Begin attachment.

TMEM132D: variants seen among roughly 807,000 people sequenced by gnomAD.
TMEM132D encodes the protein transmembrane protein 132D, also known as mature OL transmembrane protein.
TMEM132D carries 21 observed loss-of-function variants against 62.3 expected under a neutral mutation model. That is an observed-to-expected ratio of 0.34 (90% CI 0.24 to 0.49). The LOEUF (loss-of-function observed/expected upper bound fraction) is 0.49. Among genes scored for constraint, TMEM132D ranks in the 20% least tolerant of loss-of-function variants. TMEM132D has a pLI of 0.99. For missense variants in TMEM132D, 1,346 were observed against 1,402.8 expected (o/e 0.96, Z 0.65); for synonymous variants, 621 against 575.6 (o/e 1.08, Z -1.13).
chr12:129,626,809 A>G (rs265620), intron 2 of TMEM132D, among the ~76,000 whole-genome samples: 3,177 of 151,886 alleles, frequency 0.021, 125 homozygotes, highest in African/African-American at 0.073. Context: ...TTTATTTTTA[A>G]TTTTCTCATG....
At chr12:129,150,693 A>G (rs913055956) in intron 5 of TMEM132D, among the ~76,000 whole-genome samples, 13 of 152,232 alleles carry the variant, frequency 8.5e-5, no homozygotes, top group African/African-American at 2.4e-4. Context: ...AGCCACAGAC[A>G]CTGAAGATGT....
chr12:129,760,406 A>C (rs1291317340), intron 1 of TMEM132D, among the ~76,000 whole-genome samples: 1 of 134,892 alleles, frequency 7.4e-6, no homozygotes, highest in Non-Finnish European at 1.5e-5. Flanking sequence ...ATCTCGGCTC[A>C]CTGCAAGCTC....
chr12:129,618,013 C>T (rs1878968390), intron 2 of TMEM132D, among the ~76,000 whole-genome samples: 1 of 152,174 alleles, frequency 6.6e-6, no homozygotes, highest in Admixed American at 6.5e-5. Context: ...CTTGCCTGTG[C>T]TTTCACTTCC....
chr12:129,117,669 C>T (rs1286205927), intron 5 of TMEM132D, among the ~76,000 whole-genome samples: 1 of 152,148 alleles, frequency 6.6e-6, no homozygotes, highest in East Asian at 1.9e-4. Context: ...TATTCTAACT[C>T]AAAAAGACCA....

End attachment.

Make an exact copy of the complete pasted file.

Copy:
TMEM132D: variants seen among roughly 807,000 people sequenced by gnomAD.
TMEM132D encodes the protein transmembrane protein 132D, also known as mature OL transmembrane protein.
TMEM132D carries 21 observed loss-of-function variants against 62.3 expected under a neutral mutation model. That is an observed-to-expected ratio of 0.34 (90% CI 0.24 to 0.49). The LOEUF (loss-of-function observed/expected upper bound fraction) is 0.49. Among genes scored for constraint, TMEM132D ranks in the 20% least tolerant of loss-of-function variants. TMEM132D has a pLI of 0.99. For missense variants in TMEM132D, 1,346 were observed against 1,402.8 expected (o/e 0.96, Z 0.65); for synonymous variants, 621 against 575.6 (o/e 1.08, Z -1.13).
chr12:129,626,809 A>G (rs265620), intron 2 of TMEM132D, among the ~76,000 whole-genome samples: 3,177 of 151,886 alleles, frequency 0.021, 125 homozygotes, highest in African/African-American at 0.073. Context: ...TTTATTTTTA[A>G]TTTTCTCATG....
At chr12:129,150,693 A>G (rs913055956) in intron 5 of TMEM132D, among the ~76,000 whole-genome samples, 13 of 152,232 alleles carry the variant, frequency 8.5e-5, no homozygotes, top group African/African-American at 2.4e-4. Context: ...AGCCACAGAC[A>G]CTGAAGATGT....
chr12:129,760,406 A>C (rs1291317340), intron 1 of TMEM132D, among the ~76,000 whole-genome samples: 1 of 134,892 alleles, frequency 7.4e-6, no homozygotes, highest in Non-Finnish European at 1.5e-5. Flanking sequence ...ATCTCGGCTC[A>C]CTGCAAGCTC....
chr12:129,618,013 C>T (rs1878968390), intron 2 of TMEM132D, among the ~76,000 whole-genome samples: 1 of 152,174 alleles, frequency 6.6e-6, no homozygotes, highest in Admixed American at 6.5e-5. Context: ...CTTGCCTGTG[C>T]TTTCACTTCC....
chr12:129,117,669 C>T (rs1286205927), intron 5 of TMEM132D, among the ~76,000 whole-genome samples: 1 of 152,148 alleles, frequency 6.6e-6, no homozygotes, highest in East Asian at 1.9e-4. Context: ...TATTCTAACT[C>T]AAAAAGACCA....